## How to decide window size for a moving average filter?

### Swanand Kulkarni (view profile)

on 6 Dec 2016
Latest activity Answered by Greg Heath

on 9 Mar 2019

### Image Analyst (view profile)

Hello all, I have some noisy data in the form of x and y variables. I plan to use moving average filer to get satisfactory results, yet as close as possible to the real data. I understand that higher window size means more smooth data, and hence less realistic. Is that correct? Is window size of 5 considered decent enough to establish relationship between the variables in general? Any leads are highly appreciated. Thanks and regards, Swanand.

### Image Analyst (view profile)

on 7 Dec 2016
Edited by Image Analyst

### Image Analyst (view profile)

on 28 Jan 2019

It could be. Who's to say? It's more or less of a judgement call as to what amount of smoothing is best, isn't it. You could determine the sum of absolute differences for different window sizes and plot it. Maybe some pattern will jump out at you, like a knee in the curve.
clc; % Clear the command window.
close all; % Close all figures (except those of imtool.)
clear; % Erase all existing variables. Or clearvars if you want.
workspace; % Make sure the workspace panel is showing.
format long g;
format compact;
fontSize = 20;
numPoints = 5000;
noiseSignal = rand(1, numPoints);
x = linspace(0, 300, numPoints);
period = 100;
cleanSignal = cos(2*pi*x / period);
noisySignal = cleanSignal + noiseSignal;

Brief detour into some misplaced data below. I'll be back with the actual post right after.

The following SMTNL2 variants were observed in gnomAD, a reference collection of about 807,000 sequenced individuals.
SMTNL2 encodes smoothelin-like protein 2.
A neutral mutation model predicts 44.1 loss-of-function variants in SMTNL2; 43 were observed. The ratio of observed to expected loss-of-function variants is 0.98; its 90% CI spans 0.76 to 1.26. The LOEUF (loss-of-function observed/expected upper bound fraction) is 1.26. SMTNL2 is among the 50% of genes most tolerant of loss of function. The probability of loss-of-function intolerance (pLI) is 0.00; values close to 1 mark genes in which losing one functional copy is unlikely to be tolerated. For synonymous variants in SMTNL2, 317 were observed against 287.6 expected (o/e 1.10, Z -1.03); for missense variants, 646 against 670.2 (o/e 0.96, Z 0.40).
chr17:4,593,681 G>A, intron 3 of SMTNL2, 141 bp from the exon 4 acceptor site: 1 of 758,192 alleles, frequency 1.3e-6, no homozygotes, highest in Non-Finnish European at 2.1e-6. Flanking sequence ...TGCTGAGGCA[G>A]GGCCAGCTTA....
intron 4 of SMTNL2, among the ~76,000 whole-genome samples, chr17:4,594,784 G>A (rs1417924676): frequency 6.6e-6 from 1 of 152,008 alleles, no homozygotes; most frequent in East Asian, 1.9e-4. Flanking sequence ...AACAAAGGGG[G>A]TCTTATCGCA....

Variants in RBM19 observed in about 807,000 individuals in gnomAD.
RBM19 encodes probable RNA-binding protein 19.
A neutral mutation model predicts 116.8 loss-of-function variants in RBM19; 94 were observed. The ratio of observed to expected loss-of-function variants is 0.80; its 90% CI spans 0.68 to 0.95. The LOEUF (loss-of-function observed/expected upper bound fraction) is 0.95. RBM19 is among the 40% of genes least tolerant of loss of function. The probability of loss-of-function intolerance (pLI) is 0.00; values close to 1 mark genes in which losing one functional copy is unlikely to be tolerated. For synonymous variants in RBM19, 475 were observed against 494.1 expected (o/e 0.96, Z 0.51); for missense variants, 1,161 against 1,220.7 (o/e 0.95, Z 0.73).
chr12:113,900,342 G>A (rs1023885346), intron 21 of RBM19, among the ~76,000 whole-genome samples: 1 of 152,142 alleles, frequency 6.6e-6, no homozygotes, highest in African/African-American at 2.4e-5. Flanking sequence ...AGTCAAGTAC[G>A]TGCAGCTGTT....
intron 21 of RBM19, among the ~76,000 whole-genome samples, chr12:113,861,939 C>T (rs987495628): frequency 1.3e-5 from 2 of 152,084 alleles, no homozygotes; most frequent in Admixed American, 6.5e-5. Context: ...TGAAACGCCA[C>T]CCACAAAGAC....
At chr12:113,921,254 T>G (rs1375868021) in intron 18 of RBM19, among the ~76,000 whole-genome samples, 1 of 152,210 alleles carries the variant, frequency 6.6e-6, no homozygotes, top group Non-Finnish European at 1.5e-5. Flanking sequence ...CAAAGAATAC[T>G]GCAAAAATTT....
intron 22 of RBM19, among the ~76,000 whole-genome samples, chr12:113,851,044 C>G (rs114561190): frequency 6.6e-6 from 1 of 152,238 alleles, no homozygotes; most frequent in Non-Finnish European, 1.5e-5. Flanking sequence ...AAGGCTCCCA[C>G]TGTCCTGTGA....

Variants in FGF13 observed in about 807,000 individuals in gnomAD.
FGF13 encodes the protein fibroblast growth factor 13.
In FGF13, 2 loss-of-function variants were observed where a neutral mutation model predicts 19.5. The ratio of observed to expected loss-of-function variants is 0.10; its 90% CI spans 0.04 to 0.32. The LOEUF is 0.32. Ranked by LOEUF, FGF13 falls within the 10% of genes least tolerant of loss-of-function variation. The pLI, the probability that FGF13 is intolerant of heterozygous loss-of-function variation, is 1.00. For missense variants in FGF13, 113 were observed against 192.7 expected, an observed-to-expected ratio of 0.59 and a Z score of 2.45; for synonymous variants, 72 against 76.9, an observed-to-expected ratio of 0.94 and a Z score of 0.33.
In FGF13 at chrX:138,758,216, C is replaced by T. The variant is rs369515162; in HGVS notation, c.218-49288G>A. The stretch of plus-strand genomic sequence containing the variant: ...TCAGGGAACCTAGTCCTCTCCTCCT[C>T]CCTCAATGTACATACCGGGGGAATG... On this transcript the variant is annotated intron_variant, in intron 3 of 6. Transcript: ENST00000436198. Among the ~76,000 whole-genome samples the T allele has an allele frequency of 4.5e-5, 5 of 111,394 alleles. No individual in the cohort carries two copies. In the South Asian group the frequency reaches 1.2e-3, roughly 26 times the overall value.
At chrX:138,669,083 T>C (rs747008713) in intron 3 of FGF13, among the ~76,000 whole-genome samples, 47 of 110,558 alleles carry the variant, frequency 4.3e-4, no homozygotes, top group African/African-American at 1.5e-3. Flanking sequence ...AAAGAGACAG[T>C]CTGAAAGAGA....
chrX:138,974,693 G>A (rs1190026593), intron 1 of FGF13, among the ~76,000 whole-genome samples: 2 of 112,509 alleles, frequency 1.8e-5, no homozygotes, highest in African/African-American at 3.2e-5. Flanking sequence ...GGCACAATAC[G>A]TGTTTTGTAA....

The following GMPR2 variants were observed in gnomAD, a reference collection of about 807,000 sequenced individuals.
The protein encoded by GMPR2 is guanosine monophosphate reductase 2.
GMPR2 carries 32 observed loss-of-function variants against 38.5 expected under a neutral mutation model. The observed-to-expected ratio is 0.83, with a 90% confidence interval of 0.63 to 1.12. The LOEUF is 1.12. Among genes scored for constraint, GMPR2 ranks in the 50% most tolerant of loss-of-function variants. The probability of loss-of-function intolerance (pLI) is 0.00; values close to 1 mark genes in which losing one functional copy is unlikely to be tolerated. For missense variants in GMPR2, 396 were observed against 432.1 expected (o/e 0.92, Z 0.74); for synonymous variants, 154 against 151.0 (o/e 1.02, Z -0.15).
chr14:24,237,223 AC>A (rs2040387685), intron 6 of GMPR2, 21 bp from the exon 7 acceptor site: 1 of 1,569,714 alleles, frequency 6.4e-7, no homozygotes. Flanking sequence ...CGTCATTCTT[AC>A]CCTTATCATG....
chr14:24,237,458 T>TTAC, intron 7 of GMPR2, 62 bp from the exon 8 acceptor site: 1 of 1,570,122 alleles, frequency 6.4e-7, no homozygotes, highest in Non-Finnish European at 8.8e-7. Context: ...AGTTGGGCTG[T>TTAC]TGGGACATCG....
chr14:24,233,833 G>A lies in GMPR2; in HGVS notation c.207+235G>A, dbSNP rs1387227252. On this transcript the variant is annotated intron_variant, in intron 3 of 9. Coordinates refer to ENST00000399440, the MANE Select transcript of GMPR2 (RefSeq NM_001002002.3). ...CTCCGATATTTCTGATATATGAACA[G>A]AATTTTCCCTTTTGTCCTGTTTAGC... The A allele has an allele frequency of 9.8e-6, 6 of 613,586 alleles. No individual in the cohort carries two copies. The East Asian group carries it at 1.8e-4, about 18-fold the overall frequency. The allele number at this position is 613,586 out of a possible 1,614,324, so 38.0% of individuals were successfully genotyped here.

subplot(2, 1, 1);
plot(x, noisySignal, 'b-', 'LineWidth', 2);
grid on;
xlabel('x', 'FontSize', fontSize);
ylabel('Noisy Signal', 'FontSize', fontSize);
windowSizes = 3 : 3 : 51
for k = 1 : length(windowSizes)
smoothedSignal = movmean(noisySignal, windowSizes(k));
end
subplot(2, 1, 2);
grid on;
xlabel('Window Size', 'FontSize', fontSize);
Pick the smallest window size where the SAD seems to start to flatten out. Going beyond that (to larger window sizes) really doesn't produce much more benefit (smoothing) and will take longer.

Ekaterina Wiktorski

### Ekaterina Wiktorski (view profile)

on 7 Mar 2019
My SAD looks like this, what does it mean?
Image Analyst

### Image Analyst (view profile)

on 7 Mar 2019
You probably have periodic structures in your signal (which you forgot to attach).
Ekaterina Wiktorski

### Ekaterina Wiktorski (view profile)

on 8 Mar 2019
Yes! That's exactly the case!

### Walter Roberson (view profile)

on 7 Dec 2016

A moving average filter is one of the varieties of discrete lowpass filter. You can choose your width according to your attenuation needs. See http://ptolemy.eecs.berkeley.edu/eecs20/week12/freqResponseRA.html

### Siyab Khan (view profile)

on 28 Jan 2019

How can we select a wind size for the selection of DNA sequence like
ATCGGGCTTACGG
window length size 5 to read the sequence please drop the code.

Image Analyst

### Image Analyst (view profile)

on 28 Jan 2019
I don't understand the question. How is a sequence of letters analogous to a noisy numerical signal?
Let's say the window size was 5. What would you expect the output to be for that short sequence you gave? Explain why/how you got that output.
Siyab Khan

### Siyab Khan (view profile)

on 28 Jan 2019
basically i am working on the CLassificaion of DNA sequence using neural networks i have a DNA sequcence like
ATCGTGGCCAATGGTAACCG...... upto 500 0r more Nucleotides
i converted it to binary now i want my network read a stream of five charecters 10 and 15 so how to write code for it'
Image Analyst

### Image Analyst (view profile)

on 28 Jan 2019
I don't know what that means. Do you want to read 5 characters from somewhere? Or 10? Or 15? Where is this stream coming from? A file? If so, have you seen fread()?

### Greg Heath (view profile)

on 9 Mar 2019

I'm very surprised that none of the previous responses mentioned
1. Determine characteristic self correlation lengths using output autocorrelation functions
2.. Determine characteristic cross correlation lengths using
input-output crosscorrelation functions
Hope this helps.
Greg